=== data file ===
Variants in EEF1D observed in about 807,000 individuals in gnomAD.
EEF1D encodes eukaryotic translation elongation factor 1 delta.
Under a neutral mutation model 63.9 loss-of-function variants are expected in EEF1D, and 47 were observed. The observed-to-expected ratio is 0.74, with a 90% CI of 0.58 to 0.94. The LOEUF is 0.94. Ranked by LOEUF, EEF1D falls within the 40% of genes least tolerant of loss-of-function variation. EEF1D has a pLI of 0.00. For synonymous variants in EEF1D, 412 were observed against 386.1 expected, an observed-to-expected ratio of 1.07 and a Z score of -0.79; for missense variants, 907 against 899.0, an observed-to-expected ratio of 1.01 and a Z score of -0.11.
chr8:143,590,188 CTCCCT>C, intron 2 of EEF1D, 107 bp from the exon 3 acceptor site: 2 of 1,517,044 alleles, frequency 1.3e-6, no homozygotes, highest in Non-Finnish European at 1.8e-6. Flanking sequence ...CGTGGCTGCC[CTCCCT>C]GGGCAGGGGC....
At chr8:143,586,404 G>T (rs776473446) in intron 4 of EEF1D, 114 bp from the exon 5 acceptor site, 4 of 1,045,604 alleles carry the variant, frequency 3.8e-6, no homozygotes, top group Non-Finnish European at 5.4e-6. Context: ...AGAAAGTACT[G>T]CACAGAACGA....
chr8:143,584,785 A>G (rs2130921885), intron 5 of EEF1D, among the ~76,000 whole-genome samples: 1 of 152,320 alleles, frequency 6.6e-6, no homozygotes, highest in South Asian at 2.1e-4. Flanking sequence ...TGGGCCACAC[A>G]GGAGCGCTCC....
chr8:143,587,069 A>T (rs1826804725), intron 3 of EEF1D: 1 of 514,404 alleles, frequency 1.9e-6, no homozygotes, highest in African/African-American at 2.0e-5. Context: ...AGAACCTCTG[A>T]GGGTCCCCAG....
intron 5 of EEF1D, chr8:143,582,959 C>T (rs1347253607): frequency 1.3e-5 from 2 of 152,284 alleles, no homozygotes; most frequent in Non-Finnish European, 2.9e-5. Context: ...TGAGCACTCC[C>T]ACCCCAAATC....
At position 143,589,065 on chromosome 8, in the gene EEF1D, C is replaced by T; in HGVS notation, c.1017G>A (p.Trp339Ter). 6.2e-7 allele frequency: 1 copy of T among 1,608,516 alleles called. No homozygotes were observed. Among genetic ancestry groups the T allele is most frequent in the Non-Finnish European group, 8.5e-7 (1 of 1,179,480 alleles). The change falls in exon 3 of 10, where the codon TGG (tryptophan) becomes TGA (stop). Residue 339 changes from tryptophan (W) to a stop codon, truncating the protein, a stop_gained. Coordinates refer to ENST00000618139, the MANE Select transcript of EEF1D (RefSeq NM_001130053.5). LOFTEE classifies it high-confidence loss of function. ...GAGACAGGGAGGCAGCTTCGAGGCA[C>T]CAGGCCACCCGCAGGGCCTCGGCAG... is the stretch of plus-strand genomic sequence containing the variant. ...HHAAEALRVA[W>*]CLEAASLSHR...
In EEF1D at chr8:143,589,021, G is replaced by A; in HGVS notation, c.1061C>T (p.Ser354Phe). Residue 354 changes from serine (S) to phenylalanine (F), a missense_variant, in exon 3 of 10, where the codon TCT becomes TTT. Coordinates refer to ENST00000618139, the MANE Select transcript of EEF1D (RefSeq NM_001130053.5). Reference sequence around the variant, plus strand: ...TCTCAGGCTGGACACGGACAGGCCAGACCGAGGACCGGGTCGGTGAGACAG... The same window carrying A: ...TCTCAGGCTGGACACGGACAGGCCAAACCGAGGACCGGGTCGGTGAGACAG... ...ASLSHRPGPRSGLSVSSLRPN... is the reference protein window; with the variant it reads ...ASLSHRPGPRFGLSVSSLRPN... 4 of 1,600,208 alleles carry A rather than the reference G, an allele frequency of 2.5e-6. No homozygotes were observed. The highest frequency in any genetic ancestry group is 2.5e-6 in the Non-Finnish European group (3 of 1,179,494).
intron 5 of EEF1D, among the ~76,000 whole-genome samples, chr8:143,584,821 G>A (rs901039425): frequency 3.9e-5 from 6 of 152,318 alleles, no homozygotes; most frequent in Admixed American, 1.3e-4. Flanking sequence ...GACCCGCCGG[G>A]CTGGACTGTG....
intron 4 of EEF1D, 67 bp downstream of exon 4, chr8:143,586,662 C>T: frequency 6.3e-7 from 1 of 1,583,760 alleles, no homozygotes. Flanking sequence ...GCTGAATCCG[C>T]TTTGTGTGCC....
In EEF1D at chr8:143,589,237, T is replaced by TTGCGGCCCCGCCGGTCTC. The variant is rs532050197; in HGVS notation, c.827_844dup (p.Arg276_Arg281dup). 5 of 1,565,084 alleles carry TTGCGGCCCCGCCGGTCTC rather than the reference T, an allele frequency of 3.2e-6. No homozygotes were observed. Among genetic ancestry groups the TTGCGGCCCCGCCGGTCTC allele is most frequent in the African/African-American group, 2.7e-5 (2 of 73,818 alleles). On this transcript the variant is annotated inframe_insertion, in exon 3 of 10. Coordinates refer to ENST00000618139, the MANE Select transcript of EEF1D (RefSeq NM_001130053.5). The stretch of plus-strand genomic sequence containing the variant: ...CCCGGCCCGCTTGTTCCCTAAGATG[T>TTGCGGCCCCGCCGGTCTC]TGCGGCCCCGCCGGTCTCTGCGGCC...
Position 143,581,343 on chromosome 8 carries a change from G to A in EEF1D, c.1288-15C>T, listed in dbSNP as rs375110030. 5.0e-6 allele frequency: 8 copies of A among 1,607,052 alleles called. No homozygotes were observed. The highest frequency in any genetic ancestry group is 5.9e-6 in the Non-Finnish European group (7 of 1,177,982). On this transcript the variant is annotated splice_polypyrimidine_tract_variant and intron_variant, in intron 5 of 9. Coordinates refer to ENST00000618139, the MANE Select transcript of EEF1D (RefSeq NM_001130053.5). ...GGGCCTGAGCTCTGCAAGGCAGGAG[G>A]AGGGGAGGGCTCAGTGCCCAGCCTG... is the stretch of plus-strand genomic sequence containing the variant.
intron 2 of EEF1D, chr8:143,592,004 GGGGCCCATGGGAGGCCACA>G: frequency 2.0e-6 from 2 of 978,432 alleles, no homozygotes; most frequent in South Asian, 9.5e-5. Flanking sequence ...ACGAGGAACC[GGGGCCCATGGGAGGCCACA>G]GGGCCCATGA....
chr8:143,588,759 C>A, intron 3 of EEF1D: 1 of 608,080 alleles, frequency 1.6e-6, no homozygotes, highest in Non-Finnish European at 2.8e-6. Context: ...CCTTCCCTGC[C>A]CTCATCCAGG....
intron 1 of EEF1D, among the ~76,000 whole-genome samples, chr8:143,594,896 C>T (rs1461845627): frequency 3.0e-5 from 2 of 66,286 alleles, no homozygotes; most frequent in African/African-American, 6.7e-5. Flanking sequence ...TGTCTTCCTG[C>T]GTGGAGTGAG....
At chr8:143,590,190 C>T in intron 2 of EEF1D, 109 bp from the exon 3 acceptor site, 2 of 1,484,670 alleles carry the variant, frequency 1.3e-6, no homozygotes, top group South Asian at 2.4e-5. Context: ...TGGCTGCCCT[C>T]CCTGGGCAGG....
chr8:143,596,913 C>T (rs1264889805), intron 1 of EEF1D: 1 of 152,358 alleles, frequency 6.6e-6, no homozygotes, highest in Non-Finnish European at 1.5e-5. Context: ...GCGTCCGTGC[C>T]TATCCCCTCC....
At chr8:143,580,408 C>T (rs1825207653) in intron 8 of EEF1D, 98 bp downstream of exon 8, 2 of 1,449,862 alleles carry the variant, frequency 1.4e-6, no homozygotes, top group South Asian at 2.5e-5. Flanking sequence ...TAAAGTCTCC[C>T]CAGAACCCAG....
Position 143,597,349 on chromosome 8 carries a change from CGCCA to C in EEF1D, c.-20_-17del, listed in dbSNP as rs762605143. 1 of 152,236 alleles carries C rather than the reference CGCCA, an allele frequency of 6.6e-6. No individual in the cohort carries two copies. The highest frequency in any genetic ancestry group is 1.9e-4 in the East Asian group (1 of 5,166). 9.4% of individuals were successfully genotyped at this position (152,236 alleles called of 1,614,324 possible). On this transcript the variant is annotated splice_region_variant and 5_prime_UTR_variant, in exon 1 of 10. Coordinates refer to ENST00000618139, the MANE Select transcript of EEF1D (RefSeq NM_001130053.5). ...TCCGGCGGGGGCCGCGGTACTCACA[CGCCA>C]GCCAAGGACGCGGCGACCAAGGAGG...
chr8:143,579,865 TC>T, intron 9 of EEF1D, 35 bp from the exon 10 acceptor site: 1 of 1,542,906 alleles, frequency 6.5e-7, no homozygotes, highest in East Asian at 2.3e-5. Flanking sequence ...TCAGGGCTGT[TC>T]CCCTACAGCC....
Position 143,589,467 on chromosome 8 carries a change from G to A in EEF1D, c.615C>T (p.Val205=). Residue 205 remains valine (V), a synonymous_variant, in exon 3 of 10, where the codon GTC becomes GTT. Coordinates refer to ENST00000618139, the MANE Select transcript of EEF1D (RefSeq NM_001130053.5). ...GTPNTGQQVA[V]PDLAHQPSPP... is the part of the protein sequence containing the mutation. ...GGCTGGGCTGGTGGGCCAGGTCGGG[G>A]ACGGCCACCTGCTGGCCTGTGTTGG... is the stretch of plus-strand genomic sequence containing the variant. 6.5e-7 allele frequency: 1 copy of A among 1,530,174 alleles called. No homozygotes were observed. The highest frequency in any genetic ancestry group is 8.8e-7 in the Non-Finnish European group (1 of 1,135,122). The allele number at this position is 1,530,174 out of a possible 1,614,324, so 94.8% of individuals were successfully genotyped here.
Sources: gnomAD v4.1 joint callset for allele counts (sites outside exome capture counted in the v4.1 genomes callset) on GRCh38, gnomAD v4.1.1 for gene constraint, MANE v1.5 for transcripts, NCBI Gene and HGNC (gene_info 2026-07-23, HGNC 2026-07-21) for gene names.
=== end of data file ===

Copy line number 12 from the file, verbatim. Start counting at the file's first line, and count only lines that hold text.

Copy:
intron 4 of EEF1D, 67 bp downstream of exon 4, chr8:143,586,662 C>T: frequency 6.3e-7 from 1 of 1,583,760 alleles, no homozygotes. Flanking sequence ...GCTGAATCCG[C>T]TTTGTGTGCC....